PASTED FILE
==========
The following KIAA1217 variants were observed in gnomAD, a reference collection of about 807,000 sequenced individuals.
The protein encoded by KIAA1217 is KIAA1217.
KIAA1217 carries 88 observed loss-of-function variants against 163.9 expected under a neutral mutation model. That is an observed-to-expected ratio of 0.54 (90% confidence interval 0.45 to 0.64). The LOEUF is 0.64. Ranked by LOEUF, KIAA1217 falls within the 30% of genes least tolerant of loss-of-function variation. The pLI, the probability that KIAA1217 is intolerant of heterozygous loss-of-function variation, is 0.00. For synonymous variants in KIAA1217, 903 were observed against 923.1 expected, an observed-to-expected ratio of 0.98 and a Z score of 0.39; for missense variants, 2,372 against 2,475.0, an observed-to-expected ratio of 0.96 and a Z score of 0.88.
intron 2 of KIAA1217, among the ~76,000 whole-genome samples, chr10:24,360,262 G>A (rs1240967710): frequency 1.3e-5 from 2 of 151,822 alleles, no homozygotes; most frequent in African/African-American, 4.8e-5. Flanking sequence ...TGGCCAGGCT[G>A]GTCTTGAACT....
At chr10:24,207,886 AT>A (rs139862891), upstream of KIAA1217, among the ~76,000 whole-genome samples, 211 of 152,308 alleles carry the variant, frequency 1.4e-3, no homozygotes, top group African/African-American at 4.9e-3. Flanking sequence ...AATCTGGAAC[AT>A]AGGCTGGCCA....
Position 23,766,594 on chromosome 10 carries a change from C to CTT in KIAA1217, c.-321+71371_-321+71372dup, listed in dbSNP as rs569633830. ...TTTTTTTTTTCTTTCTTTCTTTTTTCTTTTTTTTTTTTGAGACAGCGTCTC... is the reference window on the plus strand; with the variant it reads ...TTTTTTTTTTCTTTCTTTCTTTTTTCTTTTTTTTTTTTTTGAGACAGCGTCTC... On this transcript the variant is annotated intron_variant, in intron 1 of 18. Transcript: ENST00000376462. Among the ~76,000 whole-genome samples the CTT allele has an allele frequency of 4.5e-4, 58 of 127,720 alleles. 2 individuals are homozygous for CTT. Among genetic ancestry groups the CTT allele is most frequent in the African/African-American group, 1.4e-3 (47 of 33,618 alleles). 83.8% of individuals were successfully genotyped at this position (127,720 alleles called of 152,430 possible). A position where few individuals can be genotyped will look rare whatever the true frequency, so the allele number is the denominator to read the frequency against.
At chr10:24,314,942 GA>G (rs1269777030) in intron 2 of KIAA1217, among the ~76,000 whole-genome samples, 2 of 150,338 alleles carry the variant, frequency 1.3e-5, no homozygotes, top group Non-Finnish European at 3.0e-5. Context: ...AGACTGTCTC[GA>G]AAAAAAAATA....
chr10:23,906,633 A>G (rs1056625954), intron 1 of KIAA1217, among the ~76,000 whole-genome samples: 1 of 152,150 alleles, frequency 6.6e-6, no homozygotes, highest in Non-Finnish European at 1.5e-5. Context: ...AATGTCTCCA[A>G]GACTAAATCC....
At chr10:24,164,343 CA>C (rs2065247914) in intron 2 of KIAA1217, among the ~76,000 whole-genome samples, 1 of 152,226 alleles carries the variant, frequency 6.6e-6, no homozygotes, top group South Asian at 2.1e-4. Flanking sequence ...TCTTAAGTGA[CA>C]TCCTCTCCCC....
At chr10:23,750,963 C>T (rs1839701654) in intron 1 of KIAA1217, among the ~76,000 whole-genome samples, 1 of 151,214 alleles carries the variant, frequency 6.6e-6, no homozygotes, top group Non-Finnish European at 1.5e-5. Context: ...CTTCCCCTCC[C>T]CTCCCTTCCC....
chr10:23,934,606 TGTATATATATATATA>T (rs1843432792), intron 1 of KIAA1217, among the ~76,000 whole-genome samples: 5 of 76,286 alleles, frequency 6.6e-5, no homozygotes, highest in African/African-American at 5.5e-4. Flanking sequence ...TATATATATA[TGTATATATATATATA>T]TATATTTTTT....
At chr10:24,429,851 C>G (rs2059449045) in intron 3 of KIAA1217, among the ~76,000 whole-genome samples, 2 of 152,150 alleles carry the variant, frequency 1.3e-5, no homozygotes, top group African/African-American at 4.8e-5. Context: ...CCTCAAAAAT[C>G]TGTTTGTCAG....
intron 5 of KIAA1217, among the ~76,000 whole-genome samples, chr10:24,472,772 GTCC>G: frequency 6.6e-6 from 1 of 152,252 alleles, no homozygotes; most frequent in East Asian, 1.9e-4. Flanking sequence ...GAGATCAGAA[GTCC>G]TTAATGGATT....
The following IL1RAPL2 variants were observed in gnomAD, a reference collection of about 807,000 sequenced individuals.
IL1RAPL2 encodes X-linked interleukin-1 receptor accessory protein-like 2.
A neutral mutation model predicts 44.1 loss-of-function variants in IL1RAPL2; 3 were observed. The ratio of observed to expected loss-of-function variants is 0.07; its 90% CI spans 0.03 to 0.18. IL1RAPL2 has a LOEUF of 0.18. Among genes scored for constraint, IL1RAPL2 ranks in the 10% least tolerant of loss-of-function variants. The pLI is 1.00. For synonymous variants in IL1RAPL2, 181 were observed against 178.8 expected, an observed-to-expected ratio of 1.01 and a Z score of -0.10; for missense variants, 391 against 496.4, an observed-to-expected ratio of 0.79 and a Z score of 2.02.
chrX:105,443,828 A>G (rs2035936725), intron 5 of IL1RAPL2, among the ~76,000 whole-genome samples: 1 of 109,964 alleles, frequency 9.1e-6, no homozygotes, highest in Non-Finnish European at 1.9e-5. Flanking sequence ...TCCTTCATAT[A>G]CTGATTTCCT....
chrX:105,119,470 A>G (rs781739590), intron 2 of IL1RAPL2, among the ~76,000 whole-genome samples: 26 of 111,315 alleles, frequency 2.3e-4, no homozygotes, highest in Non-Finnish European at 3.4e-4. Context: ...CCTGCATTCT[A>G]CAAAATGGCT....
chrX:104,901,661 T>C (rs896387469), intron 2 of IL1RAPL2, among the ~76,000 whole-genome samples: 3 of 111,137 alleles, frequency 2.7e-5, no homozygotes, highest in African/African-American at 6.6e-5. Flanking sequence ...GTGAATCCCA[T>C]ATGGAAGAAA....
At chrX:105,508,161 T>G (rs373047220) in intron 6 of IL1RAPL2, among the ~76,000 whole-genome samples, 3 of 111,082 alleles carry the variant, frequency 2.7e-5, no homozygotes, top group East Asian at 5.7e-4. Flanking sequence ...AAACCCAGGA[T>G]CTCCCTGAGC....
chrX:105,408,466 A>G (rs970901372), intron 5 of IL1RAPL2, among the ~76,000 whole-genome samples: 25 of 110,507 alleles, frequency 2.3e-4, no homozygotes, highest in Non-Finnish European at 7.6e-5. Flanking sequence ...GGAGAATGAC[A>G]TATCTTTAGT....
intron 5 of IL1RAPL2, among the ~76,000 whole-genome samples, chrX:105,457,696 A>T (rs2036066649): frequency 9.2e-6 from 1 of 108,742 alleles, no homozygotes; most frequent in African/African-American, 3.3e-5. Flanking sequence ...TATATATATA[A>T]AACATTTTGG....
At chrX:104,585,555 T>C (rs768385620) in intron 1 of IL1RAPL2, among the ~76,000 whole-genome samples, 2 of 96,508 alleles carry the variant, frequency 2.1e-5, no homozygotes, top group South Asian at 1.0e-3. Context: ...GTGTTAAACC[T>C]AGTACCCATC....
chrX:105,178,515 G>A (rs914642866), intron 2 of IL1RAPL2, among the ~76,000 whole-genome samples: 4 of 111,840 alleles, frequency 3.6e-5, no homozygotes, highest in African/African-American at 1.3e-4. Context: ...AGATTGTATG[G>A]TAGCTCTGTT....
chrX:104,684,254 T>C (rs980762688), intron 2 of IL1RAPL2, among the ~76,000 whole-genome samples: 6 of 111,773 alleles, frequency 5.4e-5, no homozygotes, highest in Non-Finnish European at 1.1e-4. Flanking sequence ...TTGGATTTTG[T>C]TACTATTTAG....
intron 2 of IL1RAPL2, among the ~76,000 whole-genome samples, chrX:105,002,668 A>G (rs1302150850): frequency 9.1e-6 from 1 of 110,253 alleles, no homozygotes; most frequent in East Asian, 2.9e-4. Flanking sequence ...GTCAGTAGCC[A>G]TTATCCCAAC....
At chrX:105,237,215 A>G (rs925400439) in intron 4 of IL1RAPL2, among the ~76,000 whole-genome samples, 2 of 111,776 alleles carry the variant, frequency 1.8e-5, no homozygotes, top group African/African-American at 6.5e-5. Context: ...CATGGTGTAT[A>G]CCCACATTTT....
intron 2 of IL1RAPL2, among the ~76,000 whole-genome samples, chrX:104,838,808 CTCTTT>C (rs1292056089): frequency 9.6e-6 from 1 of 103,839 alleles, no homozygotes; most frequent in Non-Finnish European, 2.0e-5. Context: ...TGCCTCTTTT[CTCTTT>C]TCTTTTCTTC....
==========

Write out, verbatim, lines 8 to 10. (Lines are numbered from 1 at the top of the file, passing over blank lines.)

chr10:23,906,633 A>G (rs1056625954), intron 1 of KIAA1217, among the ~76,000 whole-genome samples: 1 of 152,150 alleles, frequency 6.6e-6, no homozygotes, highest in Non-Finnish European at 1.5e-5. Context: ...AATGTCTCCA[A>G]GACTAAATCC....
At chr10:24,164,343 CA>C (rs2065247914) in intron 2 of KIAA1217, among the ~76,000 whole-genome samples, 1 of 152,226 alleles carries the variant, frequency 6.6e-6, no homozygotes, top group South Asian at 2.1e-4. Flanking sequence ...TCTTAAGTGA[CA>C]TCCTCTCCCC....
At chr10:23,750,963 C>T (rs1839701654) in intron 1 of KIAA1217, among the ~76,000 whole-genome samples, 1 of 151,214 alleles carries the variant, frequency 6.6e-6, no homozygotes, top group Non-Finnish European at 1.5e-5. Context: ...CTTCCCCTCC[C>T]CTCCCTTCCC....